A few months ago I asked you to share your pain points in leadership with me. Thank you for doing that! I have collected a lot of great material – sorry for your pain! Today I am starting to talk about those points and how I would suggest dealing with them. I NEVER mention any names. Your sharing is always safe with me.
From a person working in business:
In my organization it is fairly difficult to add good, new employees or rid ourselves of poor ones. In many ways it is a stagnant environment, and as an aspiring leader, it is somewhat daunting to consider managing employees you have little control over. What are some good ways to work with a tired, very mature workforce, and how can I push for healthy change within a very large business?
My input: I hear your pain. I get this a lot from Millenials (People born in the 80’s and 90’s)
- Always be a great example.
- Always stay positive at work.
- Be faithful in the little things – God will honor you.
- Grumble to people outside of work.
- Ask for and apply for promotions.
- Push for change even if you are on the bottom looking up.
- Perhaps transfer to a more healthy part of the organization where there are people like you.
Working with volunteers:
I am having trouble with a lack of commitment from those I am leading in the church. Having individuals who say they will be there and call at the last minute and say they can’t make it for whatever reason.
Same issue from someone else: Currently my biggest pain points as a leader and while attempting to lead through others has been lack of commitment and lack of capacity. When the skills, motivation, initiative and ability to connect tasks to the big picture are not there the organization stumbles. Lots of people say they want to “help” but they don’t dig in in a manner that allows them time to fully understand the role and set plans to meet the expectations of the role. I am leaving two volunteer organizations because of issues arising from these two points.
- The Volunteer Revolution: Unleashing the Power of Everybody, by Bill Hybels
- 365 Ideas for Recruiting, Retaining, Motivating and Rewarding Your Volunteers: A Complete Guide for Non-Profit Organizations [Kindle Edition], by Sonny Fader
- Less is more – the 80/20 rule applies to volunteers
- Yes, it can be very frustrating to have people flake on you since you don’t pay them. I would gather the volunteers and talk about it – how can we address this deep problem?
- You have to lead with vision and values. That is what motivates people, as illustrated by Claude’s MLK and the march in Selma.
From a CEO in ministry:
A current pain point is the pain I feel when I see my executive team worn out from working long hours on stuff that all seems critically important, and feeling powerless and stumped as to how to reduce their work load without compromising the pursuit of the mission that we have agreed on.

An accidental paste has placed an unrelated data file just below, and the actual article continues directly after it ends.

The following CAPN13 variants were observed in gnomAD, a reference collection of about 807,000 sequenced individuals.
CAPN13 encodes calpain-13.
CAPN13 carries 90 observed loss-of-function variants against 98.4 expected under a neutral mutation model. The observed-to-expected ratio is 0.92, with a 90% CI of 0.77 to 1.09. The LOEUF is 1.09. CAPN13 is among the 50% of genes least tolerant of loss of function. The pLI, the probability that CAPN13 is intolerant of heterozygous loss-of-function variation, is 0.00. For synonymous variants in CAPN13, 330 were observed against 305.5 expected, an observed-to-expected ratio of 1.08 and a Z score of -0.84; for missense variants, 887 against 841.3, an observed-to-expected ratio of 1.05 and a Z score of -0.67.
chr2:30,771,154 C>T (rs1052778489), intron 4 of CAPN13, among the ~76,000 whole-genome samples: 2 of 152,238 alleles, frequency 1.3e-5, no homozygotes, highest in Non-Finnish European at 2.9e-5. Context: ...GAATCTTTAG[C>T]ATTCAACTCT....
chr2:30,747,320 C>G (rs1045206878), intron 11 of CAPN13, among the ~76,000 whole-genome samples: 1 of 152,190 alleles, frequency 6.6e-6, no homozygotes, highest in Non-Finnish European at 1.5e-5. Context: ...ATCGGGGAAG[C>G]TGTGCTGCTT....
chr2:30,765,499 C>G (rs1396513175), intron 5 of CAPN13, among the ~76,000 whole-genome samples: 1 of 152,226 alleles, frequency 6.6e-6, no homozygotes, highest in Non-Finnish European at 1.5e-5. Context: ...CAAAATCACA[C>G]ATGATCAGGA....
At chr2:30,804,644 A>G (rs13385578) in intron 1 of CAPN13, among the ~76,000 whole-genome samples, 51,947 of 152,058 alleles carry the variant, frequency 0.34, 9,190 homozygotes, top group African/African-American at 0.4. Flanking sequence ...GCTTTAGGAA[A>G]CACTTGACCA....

My input: This is a common problem in ministry and churches – too much work and not enough money to hire enough people.
- Reward people with non-monetary things – time off, fun events, etc.
- Ask your team and people what they would like for a reward.
- Recognize that all the work wont get done – find the critical path.
- Do a workload task assessment – Many people do things because they were done by the people before them.
- Hold your team accountable to take their days off and vacations.
- You set the example for work-life balance.
- The marriages, families and good mental health come BEFORE the mission.
Betrayal in the leadership team:
Here is one that became a literal pain point! An Absalom on my team. My key guy, whom I recruited to my leadership team, staged an unsuccessful coup! Behind my back he attempted to quietly convince the rest of the team that he would be a better leader than me. It almost worked. To help solve the problem I asked trusted outsiders from HR to come in to observe the team dynamic. They concluded it was the most significant case of spiritual warfare they had ever observed — and he was at the center of it. When I terminated his role on the team everything cleared up — and the team asked me to never allow him back on the team. After two years of counseling he returned and confessed that he had a significant issue with authority stemming from his “father issues.” Unfortunately, I was in the wrong position at the wrong time and received the brunt of his anger. He subsequently lost another position within the organization, is now separated from his wife, and his wife is taking steps toward a divorce. The pain was nearly unbearable at the time and resulted in a minor heart attack for me. Talk about pain!
My input: I have been there and done that. I get the pain of betrayal.
- Read my book – TTLC – Chapter Four – Thou Shall be Opposed, Resisted and misunderstood. This is part of leadership. It does happen routinely.
- You did the right thing to fire him/her. I know people in that situation who don’t. So that was right.
- You were right to pull in HR. That is what they are there for; to protect you.
- Hurting people hurt people.
- You sound like you might need some counseling too!
- Have a trusted friend outside the organization that you can dump on.
- Moses had a great response – He fell on his face before God and asked for wisdom to respond right.